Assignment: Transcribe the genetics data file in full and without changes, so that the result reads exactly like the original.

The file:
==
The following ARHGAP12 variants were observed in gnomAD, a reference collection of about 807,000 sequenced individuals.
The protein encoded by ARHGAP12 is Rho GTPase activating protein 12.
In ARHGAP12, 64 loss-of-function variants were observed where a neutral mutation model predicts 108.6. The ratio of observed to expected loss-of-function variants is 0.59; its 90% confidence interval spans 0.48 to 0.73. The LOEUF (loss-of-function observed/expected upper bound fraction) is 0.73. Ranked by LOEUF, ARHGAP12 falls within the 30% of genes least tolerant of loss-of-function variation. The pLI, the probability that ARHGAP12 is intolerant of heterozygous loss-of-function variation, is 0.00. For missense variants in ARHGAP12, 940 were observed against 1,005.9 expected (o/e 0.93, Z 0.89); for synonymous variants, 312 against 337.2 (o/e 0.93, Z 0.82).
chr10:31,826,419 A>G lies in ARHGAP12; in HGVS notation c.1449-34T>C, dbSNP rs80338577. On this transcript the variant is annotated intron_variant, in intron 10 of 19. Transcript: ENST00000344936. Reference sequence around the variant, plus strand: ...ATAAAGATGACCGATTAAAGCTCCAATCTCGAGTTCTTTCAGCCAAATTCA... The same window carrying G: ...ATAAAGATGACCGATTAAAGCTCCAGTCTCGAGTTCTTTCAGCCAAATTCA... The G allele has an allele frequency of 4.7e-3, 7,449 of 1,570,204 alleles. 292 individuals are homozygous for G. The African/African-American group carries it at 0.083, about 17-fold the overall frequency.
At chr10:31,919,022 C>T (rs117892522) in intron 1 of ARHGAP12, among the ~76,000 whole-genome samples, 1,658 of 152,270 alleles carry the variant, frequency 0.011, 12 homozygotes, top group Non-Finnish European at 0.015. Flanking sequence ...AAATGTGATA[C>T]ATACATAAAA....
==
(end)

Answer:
The following ARHGAP12 variants were observed in gnomAD, a reference collection of about 807,000 sequenced individuals.
The protein encoded by ARHGAP12 is Rho GTPase activating protein 12.
In ARHGAP12, 64 loss-of-function variants were observed where a neutral mutation model predicts 108.6. The ratio of observed to expected loss-of-function variants is 0.59; its 90% confidence interval spans 0.48 to 0.73. The LOEUF (loss-of-function observed/expected upper bound fraction) is 0.73. Ranked by LOEUF, ARHGAP12 falls within the 30% of genes least tolerant of loss-of-function variation. The pLI, the probability that ARHGAP12 is intolerant of heterozygous loss-of-function variation, is 0.00. For missense variants in ARHGAP12, 940 were observed against 1,005.9 expected (o/e 0.93, Z 0.89); for synonymous variants, 312 against 337.2 (o/e 0.93, Z 0.82).
chr10:31,826,419 A>G lies in ARHGAP12; in HGVS notation c.1449-34T>C, dbSNP rs80338577. On this transcript the variant is annotated intron_variant, in intron 10 of 19. Transcript: ENST00000344936. Reference sequence around the variant, plus strand: ...ATAAAGATGACCGATTAAAGCTCCAATCTCGAGTTCTTTCAGCCAAATTCA... The same window carrying G: ...ATAAAGATGACCGATTAAAGCTCCAGTCTCGAGTTCTTTCAGCCAAATTCA... The G allele has an allele frequency of 4.7e-3, 7,449 of 1,570,204 alleles. 292 individuals are homozygous for G. The African/African-American group carries it at 0.083, about 17-fold the overall frequency.
At chr10:31,919,022 C>T (rs117892522) in intron 1 of ARHGAP12, among the ~76,000 whole-genome samples, 1,658 of 152,270 alleles carry the variant, frequency 0.011, 12 homozygotes, top group Non-Finnish European at 0.015. Flanking sequence ...AAATGTGATA[C>T]ATACATAAAA....